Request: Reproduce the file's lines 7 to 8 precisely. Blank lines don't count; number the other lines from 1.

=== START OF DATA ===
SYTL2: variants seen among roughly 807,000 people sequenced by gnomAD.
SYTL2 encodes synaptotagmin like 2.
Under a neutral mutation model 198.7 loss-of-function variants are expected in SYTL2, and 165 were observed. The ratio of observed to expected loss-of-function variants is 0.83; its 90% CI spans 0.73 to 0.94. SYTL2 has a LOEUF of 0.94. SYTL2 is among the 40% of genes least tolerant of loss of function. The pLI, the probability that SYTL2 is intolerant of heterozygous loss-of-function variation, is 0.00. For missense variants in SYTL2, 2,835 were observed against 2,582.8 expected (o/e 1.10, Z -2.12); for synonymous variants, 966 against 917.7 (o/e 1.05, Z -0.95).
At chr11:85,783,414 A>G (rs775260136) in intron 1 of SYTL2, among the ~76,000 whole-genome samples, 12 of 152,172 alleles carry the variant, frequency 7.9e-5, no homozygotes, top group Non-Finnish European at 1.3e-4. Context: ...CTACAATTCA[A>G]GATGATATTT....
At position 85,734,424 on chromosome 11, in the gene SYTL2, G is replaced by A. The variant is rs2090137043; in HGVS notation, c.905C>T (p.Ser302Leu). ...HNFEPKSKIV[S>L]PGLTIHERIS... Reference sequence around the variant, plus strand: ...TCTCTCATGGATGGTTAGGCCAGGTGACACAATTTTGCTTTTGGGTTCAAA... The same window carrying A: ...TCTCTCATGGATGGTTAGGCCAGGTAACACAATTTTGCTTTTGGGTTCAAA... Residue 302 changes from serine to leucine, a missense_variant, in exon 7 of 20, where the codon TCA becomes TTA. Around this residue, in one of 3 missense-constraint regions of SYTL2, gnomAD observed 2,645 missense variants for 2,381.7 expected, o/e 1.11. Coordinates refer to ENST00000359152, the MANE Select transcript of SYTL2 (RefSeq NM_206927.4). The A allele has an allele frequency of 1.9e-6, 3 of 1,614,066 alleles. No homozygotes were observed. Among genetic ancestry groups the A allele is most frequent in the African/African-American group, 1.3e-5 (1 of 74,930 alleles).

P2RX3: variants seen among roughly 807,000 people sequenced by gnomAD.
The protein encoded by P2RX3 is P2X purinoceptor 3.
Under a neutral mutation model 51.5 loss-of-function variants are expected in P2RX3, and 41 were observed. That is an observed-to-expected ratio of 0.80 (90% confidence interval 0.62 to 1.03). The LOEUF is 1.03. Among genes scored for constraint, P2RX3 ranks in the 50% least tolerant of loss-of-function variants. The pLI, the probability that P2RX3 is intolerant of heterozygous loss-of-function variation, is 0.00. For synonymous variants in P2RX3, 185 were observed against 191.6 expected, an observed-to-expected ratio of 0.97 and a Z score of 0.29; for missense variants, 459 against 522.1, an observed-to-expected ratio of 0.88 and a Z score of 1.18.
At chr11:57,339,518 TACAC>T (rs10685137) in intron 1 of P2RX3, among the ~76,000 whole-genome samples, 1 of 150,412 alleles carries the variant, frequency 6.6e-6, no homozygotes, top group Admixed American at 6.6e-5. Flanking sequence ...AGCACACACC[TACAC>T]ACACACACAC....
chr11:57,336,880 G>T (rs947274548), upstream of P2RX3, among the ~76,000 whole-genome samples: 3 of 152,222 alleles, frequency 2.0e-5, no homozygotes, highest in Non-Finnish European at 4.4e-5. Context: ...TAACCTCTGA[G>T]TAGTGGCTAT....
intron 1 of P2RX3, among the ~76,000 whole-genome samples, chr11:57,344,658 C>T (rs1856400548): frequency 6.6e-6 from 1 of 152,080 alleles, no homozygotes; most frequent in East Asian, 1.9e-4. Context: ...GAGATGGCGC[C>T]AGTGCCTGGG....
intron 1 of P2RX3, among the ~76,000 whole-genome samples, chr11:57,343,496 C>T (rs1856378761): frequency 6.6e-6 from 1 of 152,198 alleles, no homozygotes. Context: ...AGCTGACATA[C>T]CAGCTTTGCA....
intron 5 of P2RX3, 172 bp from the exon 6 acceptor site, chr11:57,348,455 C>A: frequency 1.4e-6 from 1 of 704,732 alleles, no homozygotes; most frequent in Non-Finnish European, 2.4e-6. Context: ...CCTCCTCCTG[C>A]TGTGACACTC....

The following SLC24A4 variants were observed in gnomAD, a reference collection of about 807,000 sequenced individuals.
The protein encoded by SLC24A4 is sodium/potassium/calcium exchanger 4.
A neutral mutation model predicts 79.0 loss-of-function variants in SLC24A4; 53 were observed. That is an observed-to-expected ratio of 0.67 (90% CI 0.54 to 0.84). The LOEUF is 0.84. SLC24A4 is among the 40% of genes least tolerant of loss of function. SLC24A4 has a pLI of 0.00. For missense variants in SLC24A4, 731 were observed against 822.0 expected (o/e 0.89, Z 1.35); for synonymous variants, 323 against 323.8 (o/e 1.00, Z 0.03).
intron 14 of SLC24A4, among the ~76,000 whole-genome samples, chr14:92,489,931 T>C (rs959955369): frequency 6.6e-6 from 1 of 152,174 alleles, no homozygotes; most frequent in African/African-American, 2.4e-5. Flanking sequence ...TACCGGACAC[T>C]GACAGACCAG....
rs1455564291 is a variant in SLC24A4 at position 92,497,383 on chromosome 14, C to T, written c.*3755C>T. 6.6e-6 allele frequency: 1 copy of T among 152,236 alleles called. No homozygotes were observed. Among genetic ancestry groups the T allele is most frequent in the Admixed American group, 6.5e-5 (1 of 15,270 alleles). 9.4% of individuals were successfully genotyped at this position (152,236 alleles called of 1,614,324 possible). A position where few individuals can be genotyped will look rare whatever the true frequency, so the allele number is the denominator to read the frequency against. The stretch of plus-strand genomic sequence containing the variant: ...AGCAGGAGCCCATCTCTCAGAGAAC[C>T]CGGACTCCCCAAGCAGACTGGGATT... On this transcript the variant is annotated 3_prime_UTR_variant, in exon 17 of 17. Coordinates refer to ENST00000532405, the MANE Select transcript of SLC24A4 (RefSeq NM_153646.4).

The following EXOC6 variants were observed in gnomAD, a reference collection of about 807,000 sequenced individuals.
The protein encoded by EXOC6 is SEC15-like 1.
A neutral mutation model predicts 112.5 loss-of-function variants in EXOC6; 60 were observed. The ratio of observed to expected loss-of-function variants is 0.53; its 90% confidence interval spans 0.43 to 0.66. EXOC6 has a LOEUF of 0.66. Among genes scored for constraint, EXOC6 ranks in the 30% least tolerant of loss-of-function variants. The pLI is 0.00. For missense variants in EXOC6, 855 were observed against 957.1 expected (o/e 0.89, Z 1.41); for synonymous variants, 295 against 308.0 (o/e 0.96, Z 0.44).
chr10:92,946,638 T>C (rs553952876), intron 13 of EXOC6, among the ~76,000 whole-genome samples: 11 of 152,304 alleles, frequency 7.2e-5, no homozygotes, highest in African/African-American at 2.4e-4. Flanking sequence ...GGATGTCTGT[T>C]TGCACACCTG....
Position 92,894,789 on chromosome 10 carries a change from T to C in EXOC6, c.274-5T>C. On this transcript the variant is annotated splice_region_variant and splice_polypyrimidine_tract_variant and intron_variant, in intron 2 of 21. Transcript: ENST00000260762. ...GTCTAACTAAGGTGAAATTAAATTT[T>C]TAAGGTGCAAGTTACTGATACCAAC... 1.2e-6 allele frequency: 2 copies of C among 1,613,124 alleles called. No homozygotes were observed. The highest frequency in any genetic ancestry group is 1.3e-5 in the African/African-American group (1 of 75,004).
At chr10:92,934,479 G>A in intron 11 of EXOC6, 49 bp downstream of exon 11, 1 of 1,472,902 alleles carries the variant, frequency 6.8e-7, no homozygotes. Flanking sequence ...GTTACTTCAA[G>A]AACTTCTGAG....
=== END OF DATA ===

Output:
The protein encoded by P2RX3 is P2X purinoceptor 3.
Under a neutral mutation model 51.5 loss-of-function variants are expected in P2RX3, and 41 were observed. That is an observed-to-expected ratio of 0.80 (90% confidence interval 0.62 to 1.03). The LOEUF is 1.03. Among genes scored for constraint, P2RX3 ranks in the 50% least tolerant of loss-of-function variants. The pLI, the probability that P2RX3 is intolerant of heterozygous loss-of-function variation, is 0.00. For synonymous variants in P2RX3, 185 were observed against 191.6 expected, an observed-to-expected ratio of 0.97 and a Z score of 0.29; for missense variants, 459 against 522.1, an observed-to-expected ratio of 0.88 and a Z score of 1.18.